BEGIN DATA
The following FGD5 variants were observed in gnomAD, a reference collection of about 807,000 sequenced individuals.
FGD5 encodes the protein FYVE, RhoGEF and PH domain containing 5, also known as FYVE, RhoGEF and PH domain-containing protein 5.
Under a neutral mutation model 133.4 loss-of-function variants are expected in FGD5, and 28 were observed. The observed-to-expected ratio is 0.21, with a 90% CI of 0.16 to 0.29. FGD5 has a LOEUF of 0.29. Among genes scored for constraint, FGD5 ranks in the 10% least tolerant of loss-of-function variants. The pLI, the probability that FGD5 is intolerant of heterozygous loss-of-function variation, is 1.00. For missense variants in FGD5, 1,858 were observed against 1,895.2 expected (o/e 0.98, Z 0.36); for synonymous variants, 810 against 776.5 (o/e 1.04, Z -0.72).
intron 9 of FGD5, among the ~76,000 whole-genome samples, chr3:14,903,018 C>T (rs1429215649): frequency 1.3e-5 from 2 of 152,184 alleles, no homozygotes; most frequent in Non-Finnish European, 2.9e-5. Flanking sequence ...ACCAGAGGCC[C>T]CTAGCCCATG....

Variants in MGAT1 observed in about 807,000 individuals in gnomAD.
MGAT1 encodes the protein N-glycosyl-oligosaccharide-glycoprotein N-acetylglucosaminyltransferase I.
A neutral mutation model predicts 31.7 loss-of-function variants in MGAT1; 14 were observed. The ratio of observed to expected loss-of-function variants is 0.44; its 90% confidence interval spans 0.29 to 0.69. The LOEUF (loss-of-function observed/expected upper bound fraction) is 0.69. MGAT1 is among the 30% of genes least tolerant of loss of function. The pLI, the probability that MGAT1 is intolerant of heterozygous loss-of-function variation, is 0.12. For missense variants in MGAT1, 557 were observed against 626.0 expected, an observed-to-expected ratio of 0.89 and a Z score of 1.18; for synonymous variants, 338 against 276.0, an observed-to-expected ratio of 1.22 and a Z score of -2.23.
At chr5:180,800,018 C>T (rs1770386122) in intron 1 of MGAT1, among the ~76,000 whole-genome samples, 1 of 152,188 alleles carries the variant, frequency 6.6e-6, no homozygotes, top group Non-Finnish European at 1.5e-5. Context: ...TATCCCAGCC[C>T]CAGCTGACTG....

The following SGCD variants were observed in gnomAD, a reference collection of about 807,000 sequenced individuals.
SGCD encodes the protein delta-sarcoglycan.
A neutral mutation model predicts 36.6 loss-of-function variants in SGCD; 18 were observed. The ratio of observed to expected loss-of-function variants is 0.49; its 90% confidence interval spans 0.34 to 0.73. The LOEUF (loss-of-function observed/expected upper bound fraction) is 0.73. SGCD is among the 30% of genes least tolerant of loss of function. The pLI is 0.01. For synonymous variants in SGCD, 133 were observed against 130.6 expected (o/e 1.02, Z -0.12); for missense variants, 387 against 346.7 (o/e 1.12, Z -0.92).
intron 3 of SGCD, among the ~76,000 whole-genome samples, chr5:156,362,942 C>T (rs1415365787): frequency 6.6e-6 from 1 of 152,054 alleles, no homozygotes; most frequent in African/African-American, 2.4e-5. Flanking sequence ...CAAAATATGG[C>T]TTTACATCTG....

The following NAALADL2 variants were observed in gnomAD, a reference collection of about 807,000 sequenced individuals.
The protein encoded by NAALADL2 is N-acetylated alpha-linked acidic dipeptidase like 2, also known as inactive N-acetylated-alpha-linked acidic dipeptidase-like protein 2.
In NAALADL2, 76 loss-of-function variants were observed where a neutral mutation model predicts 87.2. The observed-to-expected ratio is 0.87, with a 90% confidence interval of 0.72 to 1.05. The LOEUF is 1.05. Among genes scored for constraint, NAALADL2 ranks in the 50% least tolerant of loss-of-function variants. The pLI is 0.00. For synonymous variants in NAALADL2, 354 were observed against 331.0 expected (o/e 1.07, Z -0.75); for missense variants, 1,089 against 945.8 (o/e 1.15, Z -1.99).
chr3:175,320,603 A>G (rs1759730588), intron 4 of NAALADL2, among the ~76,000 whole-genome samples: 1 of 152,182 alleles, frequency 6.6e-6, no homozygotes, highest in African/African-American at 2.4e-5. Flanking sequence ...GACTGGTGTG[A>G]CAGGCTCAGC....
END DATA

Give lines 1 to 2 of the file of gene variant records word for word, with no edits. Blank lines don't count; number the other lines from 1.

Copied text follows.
The following FGD5 variants were observed in gnomAD, a reference collection of about 807,000 sequenced individuals.
FGD5 encodes the protein FYVE, RhoGEF and PH domain containing 5, also known as FYVE, RhoGEF and PH domain-containing protein 5.